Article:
Headlines Draw Misleading Conclusions About Cancer, Teens, And Vaping

Headlines Draw Misleading Conclusions About Cancer, Teens, And Vaping

Headlines Draw Misleading Conclusions About Cancer, Teens, And VapingHeadlines Draw Misleading Conclusions About Cancer, Teens, And Vaping

Most vapers by now have become accustomed to the majority of American media's reflexively pessimistic view when it comes to covering vapor products and science. This bias seems to stem from government health bodies, which take a much more conservative view on the value of vaping as a harm reduction tool, and trickles down in the form of sensational headlines that deliver clicks to news organizations but not so much useful information to consumers.  


We're used to seeing heavily-repeated content circulating around two main narratives: that vaping is A) full of carcinogens or toxins that can cause cancer; and B) that teens are attracted to vaping. Let's take a deeper look at one recent story that's getting national attention.


An NBC article with the headline “Teens Inhale Cancer-Causing Chemicals in E-Cigarettes” takes its information from a recent study published in the journal Pediatrics.


The story subhead reads "fruit flavors have the most chemicals, study finds," but a reading of the actual research paper (linked above) leaves this open to interpretation.


"There are researchers who suggests that certain flavorings may generate higher levels of toxic chemicals than others," the authors write, going on to note that they did detect higher levels of some compounds in teens who reported enjoying fruity e-liquids. But the article goes off-track when it brings a discussion of diacetyl (a buttery-tasting component used in some creamy- or bakery-flavored liquids), which is not found in fruit flavors or even mentioned in the study, into the mix.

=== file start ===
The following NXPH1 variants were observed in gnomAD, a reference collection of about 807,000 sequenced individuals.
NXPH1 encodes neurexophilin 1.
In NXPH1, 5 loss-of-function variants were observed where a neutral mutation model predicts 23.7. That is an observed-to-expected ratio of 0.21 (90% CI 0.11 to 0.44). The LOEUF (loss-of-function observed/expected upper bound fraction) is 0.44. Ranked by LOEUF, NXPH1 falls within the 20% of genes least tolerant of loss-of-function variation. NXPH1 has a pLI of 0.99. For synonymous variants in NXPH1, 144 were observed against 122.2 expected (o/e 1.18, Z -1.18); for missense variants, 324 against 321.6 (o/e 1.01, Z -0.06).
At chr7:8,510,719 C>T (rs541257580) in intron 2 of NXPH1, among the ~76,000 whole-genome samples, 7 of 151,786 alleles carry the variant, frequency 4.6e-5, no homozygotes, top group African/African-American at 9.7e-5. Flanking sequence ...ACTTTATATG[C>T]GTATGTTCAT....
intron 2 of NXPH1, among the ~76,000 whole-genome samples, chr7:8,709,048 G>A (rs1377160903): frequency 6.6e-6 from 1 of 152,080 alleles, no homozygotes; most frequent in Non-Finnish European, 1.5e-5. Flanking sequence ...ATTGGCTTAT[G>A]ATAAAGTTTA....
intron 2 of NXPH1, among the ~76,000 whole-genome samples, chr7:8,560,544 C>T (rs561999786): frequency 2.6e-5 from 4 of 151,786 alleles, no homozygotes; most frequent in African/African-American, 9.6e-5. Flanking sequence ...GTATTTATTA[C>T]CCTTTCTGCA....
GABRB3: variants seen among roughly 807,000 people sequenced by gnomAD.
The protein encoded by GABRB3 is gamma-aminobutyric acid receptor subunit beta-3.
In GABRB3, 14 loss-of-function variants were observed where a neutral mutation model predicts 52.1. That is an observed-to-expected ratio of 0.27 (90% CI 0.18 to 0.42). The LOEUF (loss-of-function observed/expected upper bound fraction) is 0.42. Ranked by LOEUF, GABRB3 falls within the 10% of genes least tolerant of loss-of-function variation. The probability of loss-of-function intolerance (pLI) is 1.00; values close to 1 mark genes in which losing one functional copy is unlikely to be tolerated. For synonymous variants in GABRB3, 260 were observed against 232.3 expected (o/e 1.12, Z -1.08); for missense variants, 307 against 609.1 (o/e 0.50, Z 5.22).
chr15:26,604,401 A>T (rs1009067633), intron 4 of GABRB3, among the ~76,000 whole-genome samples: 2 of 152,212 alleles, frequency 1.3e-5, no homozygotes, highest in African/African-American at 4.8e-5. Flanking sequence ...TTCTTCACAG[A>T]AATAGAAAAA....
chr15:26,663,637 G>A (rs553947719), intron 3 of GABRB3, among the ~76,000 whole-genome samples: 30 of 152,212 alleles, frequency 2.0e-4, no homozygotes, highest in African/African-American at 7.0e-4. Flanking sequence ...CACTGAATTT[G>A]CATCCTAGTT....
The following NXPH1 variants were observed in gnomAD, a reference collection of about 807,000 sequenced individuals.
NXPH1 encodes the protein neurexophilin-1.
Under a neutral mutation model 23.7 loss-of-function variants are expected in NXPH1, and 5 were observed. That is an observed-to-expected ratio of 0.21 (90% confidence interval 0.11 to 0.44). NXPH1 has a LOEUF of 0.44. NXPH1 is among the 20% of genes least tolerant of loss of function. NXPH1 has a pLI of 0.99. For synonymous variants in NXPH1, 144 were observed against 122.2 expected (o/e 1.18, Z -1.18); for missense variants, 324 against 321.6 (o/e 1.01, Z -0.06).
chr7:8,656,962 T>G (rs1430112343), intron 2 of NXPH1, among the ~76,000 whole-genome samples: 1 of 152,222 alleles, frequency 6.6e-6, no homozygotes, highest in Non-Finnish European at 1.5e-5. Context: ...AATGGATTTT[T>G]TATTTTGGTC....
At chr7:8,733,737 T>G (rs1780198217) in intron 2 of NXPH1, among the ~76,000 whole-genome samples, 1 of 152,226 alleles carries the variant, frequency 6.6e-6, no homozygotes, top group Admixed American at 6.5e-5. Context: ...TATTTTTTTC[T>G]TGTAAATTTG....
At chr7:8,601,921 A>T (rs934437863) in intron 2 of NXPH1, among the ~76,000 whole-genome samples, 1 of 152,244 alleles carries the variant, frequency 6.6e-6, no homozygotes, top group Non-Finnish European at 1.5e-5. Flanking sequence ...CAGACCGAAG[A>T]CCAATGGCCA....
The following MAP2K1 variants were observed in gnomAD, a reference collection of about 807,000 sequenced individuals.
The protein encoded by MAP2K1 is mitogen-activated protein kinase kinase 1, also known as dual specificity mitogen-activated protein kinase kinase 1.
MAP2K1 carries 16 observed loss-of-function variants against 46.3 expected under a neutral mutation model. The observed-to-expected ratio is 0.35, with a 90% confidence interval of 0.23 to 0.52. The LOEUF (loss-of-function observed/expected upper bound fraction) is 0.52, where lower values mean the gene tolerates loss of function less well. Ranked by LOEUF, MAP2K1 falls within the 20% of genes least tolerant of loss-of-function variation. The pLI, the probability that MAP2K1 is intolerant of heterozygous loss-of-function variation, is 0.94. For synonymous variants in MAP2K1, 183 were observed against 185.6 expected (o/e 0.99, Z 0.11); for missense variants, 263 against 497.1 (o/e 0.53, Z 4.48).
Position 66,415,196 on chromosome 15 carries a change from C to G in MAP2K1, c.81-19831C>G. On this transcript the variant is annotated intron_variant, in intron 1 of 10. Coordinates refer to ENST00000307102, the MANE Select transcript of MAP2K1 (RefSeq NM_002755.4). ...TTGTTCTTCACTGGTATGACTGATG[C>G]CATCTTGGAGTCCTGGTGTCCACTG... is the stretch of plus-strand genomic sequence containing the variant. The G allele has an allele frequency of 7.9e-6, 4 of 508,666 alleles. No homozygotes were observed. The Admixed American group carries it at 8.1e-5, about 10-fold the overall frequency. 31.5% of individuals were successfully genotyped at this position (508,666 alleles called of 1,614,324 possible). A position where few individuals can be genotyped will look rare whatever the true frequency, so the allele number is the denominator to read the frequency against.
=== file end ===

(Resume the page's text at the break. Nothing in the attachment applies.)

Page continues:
The news that any potential carcinogens were found at elevated levels in fruit flavors deserves attention, despite the fact obfuscated by the NBC article that the study did not make any scientific claims about flavor. We'd love to see a study that explores the compounds found in specific flavor extracts, to help juice makers select the most benign flavor components, but such research would probably have to be funded by the vapor industry.


An even bigger problem is that the premise of the study is in itself a straw man argument - authors say they're challenging the assumption that vaping is perfectly safe, and congratulate themselves when they determine that it isn't. Thing is, no one in the vapor industry is arguing that vaping is safe - we're asserting that vaping is much less harmful than smoking. By including some underage vapers who also smoke in their research, the study in question was able to confirm that assertion. This point, however, received minimal treatment once the news report came out.


Also left out of the reporting was a major conflict of interest: researchers are cited simply as a "team at the University of California, San Francisco." But fine print at the bottom of the disclosures indicates that three members of the four-person team have received payments from companies promoting other tobacco cessation methods like quit-smoking drugs. It's likely these financial relationships didn't hinder the authors' ability to deliver trustworthy results, but if you're publishing information that could boost your employer's earnings by bashing its competition, it seems like readers should be made aware of that.


We're sadly not optimistic that things will change overnight, but it would be nice to see an alternate (and also correct) headline like "Toxic chemical level found at 327% lower level in vapers than smokers" once in a while.

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